"I go to a bar, I see a nice woman, I buy her a few drinks. . . . She says, 'I want you to have sex with me. . . .' Then I have sex with her. . . . Was I committing rape?"
The issue raised by host Ricky Rachtman on KROQ-FM's sex-talk show "Loveline" has reignited the date-rape controversy as young people ask what the boundary is between sex and rape. A small change in California's rape law cast a spotlight on the 123-year-old statute, which, among other things, restricts sex under the influence.
The law, enacted in 1872 and updated this year, says a rape is committed (among other circumstances) when "a person is prevented from resisting (sex) by any intoxicating, narcotic or anesthetic substance. . . ."
State Assemblywoman Diane Martinez (D-Alhambra) authored the Jan. 1 update, which deleted language that essentially said the accused had to be the provider of the drugs or alcohol. The rest of the law remained unchanged. "The only difference my bill made is that it doesn't matter if you're the person who \o7 bought \f7 that drink," Martinez says.
In trying to clear things up, Martinez inadvertently brought attention to gray areas in the gender-neutral law--gray areas her update didn't create. Many "Loveline" callers thought she was responsible for the entire law. "I was shocked at the way people misunderstood," she says.
The point of the law is to punish those who rape people who are passed-out drunk--or blanked out on other drugs. And while most experts agree that consensual sex after a few martinis doesn't constitute a rape, the words "prevented from resisting" could leave a lot to interpretation, they say.
On the radio, on campus and in bars, young people are asking: How drunk does an accuser have to be to be "prevented from resisting"?
"Any time you find yourself in a 'gray area,' you could be in big trouble," says Mike Chao, president of UCLA's Interfraternity Council. "Students need to be aware that if they engage in any sexual activity, they better be very sure it's consensual."
The fear among some young people, many of whom learned of the law through "Loveline," is that rape will be the charge if someone has sex with another who is woozy beyond her better judgment, even if she did blurt out something sounding like "yes." It is a sobering prospect for some, given the large role alcohol has in young America. (Nearly half the college students in the nation are binge drinkers, according to a study released in December.)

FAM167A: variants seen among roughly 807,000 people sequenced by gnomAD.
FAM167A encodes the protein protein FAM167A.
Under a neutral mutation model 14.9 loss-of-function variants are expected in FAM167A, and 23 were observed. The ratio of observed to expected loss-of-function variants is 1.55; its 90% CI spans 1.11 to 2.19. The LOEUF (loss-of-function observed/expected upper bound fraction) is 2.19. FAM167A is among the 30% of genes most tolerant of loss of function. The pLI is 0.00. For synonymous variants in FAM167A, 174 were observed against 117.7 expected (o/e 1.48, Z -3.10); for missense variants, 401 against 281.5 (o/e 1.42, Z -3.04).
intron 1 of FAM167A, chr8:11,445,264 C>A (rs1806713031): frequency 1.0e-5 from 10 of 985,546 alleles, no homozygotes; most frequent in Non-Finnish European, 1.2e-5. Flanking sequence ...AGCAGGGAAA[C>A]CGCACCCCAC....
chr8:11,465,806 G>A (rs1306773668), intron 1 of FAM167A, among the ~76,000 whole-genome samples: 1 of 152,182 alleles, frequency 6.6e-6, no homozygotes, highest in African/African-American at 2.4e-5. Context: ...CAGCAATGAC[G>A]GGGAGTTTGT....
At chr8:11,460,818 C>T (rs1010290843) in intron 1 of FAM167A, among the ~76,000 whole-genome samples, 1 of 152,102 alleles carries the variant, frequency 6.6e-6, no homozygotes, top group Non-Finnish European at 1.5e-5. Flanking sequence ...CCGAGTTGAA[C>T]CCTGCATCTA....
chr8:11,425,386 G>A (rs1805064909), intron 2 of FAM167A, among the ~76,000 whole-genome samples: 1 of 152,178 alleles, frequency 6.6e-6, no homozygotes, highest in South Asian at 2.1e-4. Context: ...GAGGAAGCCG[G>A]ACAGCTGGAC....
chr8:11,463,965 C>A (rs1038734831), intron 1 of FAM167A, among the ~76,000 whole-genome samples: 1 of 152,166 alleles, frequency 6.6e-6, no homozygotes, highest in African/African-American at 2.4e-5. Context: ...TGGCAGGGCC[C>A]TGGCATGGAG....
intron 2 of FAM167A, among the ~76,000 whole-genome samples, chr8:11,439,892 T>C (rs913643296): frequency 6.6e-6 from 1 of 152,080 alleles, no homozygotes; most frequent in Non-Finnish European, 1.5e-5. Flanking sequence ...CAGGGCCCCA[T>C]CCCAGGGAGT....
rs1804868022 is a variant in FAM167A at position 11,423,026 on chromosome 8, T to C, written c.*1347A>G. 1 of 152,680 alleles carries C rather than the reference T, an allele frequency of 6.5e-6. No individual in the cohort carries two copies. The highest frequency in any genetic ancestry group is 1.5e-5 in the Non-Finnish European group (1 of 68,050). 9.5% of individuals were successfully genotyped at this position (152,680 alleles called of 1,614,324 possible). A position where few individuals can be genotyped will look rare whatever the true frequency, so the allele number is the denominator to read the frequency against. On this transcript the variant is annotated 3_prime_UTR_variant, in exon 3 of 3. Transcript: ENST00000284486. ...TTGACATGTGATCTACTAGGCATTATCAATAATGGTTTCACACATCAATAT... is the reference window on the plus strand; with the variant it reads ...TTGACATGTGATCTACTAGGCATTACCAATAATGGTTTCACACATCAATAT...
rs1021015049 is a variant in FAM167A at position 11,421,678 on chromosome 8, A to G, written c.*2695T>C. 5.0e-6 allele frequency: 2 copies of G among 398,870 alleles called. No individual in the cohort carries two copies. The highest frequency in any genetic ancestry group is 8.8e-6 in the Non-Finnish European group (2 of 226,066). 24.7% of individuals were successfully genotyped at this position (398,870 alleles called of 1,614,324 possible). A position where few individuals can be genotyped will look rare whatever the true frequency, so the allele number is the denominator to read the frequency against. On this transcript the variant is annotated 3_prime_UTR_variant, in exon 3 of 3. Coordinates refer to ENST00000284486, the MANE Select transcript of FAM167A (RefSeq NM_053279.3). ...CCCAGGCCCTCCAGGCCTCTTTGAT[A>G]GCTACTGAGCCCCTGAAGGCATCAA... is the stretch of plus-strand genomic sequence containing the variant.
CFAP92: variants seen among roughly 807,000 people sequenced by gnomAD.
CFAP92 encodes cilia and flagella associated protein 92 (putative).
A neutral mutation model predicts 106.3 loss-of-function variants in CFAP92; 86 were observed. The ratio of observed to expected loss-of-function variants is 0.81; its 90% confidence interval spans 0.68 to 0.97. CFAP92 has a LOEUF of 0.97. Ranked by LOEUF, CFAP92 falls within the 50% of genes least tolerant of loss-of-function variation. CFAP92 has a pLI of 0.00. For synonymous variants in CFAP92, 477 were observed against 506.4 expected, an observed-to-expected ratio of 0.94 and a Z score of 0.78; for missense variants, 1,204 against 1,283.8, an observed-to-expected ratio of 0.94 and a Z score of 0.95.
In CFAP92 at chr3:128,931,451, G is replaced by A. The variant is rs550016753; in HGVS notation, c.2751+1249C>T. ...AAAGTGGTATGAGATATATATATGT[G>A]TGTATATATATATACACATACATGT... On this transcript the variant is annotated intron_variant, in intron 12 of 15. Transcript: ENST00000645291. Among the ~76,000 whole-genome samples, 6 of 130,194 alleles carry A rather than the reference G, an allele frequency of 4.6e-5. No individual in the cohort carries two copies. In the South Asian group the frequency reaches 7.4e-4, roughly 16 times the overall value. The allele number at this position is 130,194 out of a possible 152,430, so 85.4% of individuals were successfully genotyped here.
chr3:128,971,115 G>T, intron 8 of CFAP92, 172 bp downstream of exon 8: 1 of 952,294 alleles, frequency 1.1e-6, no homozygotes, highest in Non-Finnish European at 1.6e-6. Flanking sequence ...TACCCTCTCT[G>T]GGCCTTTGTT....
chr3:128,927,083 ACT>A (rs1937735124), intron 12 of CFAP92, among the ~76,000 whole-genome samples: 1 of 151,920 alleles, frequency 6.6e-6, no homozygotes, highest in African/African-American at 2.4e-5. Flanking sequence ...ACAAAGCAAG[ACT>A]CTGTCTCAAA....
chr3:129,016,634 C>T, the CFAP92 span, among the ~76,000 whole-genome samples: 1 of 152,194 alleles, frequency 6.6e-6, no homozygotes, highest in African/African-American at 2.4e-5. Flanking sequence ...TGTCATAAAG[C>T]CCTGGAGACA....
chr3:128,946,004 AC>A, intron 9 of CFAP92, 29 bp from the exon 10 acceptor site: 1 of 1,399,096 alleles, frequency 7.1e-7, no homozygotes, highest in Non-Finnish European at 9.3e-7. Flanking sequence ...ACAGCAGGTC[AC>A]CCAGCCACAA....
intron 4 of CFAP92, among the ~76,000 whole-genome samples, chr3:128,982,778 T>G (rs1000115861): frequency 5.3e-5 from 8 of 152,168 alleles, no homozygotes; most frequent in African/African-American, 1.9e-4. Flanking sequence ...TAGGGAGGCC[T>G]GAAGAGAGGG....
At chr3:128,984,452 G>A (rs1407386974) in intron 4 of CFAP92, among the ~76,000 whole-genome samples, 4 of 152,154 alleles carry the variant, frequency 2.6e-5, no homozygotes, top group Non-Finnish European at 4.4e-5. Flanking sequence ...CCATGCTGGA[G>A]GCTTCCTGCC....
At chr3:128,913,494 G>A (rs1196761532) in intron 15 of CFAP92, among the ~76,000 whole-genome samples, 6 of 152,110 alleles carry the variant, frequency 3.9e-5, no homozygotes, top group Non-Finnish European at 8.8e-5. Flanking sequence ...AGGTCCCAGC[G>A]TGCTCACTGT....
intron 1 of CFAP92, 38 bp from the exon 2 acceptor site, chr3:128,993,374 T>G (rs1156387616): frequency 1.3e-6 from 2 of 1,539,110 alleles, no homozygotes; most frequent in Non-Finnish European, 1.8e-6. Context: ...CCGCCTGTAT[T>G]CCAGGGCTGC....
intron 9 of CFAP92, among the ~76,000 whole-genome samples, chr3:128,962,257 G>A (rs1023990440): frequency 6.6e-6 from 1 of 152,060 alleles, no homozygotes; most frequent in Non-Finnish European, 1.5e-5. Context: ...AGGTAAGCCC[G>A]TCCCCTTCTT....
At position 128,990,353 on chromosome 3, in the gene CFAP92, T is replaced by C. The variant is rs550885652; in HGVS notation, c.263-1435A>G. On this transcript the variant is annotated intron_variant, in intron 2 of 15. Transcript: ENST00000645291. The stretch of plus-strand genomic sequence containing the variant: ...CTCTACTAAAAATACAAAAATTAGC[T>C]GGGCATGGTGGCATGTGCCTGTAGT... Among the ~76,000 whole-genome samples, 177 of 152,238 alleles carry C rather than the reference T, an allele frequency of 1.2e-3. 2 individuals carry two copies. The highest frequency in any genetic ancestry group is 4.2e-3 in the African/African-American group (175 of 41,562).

It was the hottest topic last month on "Loveline," a popular, 12-year-old radio show that airs Sunday through Thursday nights. Rachtman emerged as the biggest opponent of the law's vagueness. If he had known about the law when he was younger, "I'd still be a virgin," he said. Off the air, Rachtman proclaimed: "Booze \o7 is \f7 foreplay."
Some women also questioned the law.
"As women, I think we need to take more responsibility . . . for our own drinking," said a "Loveline" caller identified as Marilyn, 28, from Claremont. "I'm real tired of people using government as a crutch."
Another KROQ caller asked Martinez to introduce a bill that would clarify the law so that someone feeling vindictive the morning after doesn't try to claim she was drunk beyond her ability to resist. "We need to ask the assemblywoman to make this law stronger," the male caller said, "so this issue of consent and semiconsciousness is brought out and clarified."
Dr. Drew Pinsky, the other "Loveline" host, said he has supported laws that protect women "ever since I had a daughter 2 1/2 years ago. . . . But," he argued, "this law could be used for malicious intent."
The experts agree.
"There is ambiguity in that language," said UCLA law professor Peter Arenella. "If it was interpreted to mean that the mere fact of intoxication meant the accuser couldn't give consent, that would be a disaster."
L.A. Deputy Dist. Atty. Jane Blissert said most of the crimes she recalls prosecuting under the law during her eight years in the Sex Crimes Unit involved women who were raped while completely unconscious--a crime the law was apparently written to address. But she acknowledges that a case where a possible victim was conscious, but intoxicated beyond her ability to distinguish between yes and no, probably hasn't been tested.
Others say the law should stay: "A large percentage of the rapes that happen on college campuses involve drinking," said Gail Abarbanel, director of the Rape Treatment Center at Santa Monica Hospital.
A Columbia University study last year found that nine in 10 rapes on campus involve drinking by the accused, the accuser or both. "This law," Abarbanel said, "recognizes the situations in which a large number of rapes occur on college campuses."
The issue of rape on campus grew heated in 1993.
Ohio's Antioch College enacted controversial rules saying each step toward lovemaking--kissing, touching, sex--must be agreed to by each party with verbal consent.